Who can access and use the land? The answer to this age-old question is changing fast in many parts of rural Africa. Land that used to be allocated within the community by chiefs is now increasingly changing hands in more diverse ways. The wealthy and well-connected within the community or from further afield are frequently able to override local statutory or customary land rights, dispossessing the previous occupants or forcing them to divide their already small plots of land.
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Library ResourcePolicy Papers & BriefsJanuary, 2017Sub-Saharan Africa, Mozambique, Uganda, Ghana, Senegal
Library ResourcePolicy Papers & BriefsMarch, 2015Tanzania
In early 2015, Maasai and Datoga citizens living in the Morogoro region of Tanzania were victims of deadly, ethnic violence. According to reports from local media, the assaults were instigated by public figures interested in acquiring land, and state authorities have not intervened to protect Maasai citizens. Police protection has instead been given to others who are illegally cultivating officially registered Maasai land.
Library ResourceReports & ResearchMarch, 2013Tanzania
Pastoralists in Tanzania are suffering from many human rights violations, including forced evictions from their lands. This report gives a comprehensive analysis of the human rights situation of indigenous peoples in Tanzania, and documents cases of human rights violations against Maasai pastoralists during 2011.
The information contained in this report is a result of a comprehensive survey and human rights analysis, which used both primary and secondary data collection methodologies covering a total of 10 districts and 18 villages.
Library ResourcePeer-reviewed publicationSeptember, 2012Africa
This report provides a synthesis of three country level case studies (Namibia, Senegal, Kenya) carried out in African countries as a part of the overall legal review of Indigenous People’s and Community Conserved Territories and Areas (ICCAs). This regional synthesis report also incorporates information and material from other African countries’ experiences with ICCAs, as documented in a range of other studies and publications.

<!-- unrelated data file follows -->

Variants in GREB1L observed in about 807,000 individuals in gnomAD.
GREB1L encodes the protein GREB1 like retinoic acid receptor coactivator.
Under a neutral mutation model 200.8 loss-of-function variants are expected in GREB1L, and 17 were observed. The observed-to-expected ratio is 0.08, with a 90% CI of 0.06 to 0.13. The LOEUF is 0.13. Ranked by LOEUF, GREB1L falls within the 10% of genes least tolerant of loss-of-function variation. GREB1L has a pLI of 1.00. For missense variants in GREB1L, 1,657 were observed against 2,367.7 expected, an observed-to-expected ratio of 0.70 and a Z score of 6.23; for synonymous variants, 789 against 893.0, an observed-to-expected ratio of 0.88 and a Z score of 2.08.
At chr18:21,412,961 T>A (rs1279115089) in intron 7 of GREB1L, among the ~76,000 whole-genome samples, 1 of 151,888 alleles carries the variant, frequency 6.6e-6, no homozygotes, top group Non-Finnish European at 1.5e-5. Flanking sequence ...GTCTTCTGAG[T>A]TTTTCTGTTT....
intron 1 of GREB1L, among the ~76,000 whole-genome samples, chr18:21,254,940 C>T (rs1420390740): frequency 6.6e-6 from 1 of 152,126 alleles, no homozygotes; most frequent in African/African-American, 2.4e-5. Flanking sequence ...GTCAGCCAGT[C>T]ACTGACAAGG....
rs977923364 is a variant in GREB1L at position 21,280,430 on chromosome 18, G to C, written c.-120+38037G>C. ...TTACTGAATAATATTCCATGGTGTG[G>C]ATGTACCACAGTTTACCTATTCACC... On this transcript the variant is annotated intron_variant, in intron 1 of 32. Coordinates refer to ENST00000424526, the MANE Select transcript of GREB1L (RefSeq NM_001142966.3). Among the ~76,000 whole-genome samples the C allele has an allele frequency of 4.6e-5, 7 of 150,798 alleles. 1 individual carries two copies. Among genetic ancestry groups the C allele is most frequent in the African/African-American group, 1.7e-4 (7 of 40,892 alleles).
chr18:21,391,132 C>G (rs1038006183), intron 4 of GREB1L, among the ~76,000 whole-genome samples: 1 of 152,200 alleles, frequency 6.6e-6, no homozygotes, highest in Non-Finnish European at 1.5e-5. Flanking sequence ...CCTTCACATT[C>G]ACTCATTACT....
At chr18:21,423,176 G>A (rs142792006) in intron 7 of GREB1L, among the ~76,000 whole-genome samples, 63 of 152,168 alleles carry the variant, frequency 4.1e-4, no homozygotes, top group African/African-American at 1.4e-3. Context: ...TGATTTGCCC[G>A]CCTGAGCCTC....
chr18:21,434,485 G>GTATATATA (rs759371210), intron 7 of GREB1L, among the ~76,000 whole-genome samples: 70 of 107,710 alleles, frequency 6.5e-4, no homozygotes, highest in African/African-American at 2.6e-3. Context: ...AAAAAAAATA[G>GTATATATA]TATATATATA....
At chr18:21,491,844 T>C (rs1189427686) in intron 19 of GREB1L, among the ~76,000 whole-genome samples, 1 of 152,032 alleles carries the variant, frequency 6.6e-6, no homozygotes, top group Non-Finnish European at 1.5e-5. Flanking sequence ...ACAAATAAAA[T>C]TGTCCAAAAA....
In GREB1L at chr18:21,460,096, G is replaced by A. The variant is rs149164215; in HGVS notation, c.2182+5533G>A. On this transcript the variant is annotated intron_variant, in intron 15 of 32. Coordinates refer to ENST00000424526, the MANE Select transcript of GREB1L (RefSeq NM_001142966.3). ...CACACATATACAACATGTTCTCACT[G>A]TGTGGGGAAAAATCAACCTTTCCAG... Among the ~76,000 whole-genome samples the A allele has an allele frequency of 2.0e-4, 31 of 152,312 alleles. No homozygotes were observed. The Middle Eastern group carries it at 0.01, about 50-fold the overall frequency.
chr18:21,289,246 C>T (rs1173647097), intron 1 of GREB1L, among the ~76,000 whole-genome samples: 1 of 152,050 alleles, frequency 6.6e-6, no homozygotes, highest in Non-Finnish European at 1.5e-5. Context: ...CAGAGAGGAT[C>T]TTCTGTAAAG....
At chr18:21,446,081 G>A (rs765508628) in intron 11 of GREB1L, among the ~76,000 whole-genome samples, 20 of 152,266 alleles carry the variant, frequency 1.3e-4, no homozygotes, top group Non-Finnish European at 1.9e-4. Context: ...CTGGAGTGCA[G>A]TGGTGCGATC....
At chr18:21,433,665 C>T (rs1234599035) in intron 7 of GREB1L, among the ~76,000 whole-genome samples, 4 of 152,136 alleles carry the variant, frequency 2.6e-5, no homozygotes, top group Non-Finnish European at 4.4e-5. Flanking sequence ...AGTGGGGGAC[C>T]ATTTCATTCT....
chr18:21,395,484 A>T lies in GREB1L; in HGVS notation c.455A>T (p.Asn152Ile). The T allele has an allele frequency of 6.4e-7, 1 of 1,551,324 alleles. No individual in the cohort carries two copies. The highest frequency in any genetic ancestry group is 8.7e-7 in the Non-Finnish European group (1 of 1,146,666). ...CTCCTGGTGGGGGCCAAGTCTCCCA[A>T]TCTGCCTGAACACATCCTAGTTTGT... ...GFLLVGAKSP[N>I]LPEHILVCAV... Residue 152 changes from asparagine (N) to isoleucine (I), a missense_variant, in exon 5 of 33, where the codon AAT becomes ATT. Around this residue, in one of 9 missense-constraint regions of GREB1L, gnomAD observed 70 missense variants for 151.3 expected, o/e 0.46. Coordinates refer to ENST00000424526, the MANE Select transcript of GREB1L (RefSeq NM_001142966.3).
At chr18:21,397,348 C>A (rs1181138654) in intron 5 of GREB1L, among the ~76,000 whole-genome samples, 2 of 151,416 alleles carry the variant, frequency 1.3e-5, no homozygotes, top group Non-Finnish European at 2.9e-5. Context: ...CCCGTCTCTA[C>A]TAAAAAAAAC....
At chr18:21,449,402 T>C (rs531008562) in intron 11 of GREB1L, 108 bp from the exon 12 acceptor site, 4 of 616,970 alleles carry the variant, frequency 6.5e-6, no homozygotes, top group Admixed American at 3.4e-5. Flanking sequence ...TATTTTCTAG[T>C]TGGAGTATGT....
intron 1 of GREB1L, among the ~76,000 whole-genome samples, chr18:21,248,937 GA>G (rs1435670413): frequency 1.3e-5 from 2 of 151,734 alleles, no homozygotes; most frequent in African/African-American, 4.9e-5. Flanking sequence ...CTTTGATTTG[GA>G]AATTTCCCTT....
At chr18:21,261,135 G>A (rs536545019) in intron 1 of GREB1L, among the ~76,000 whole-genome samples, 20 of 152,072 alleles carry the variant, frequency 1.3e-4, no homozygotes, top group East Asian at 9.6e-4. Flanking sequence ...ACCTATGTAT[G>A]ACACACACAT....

Library ResourceReports & ResearchDecember, 2016Tanzania
Despite progressive provisions on gender equality in Tanzania’s land laws, women have little representation in land allocation decisions, including meetings of village councils and village assemblies. Mainstreaming gender in local regulations can help to address this problem.
Library ResourceReports & ResearchApril, 2013Tanzania
This fact finding mission had been organised to investigate the challenges facing pastoralists in Rufiji District, the challenges which have been defined as the source of conflict in this district. Although pastoralists had arrived in Rufiji since 1990’s but they officially went there and other places in Coastal and in Lindi Regions after they had been evicted from Ihefu and Kilosa in 2006-9. The Government, through their operation, announced to prepare areas for pastoralists and also to set all necessary and potential services for them to survive In Lindi, Ruvuma and Pwani Regions.
Library ResourceReports & ResearchDecember, 2012Tanzania
The economies of many countries such as the Gulf and Southern African States are to a considerable extent sustained by financial flows from extraction of mineral resources and fossil fuels. The discovery of such fortunes, in sufficiently viable quantities, can be a significant national blessing for effectively addressing development challenges. However, experience in other countries has shown that financial resources obtainable from mineral and fossil fuel extraction – the Extractive Industry, have not always assisted economic and social development.
Library ResourceConference Papers & ReportsJanuary, 2017Global
After an initial plenary session on developments in access to land and natural resources in the different continents, the workshop participants were given the opportunity to give their many personal accounts, describe the various forms of land grabbing and concentration, discuss the scope of the processes under way and question whether the tools available to quantify them were adequate.
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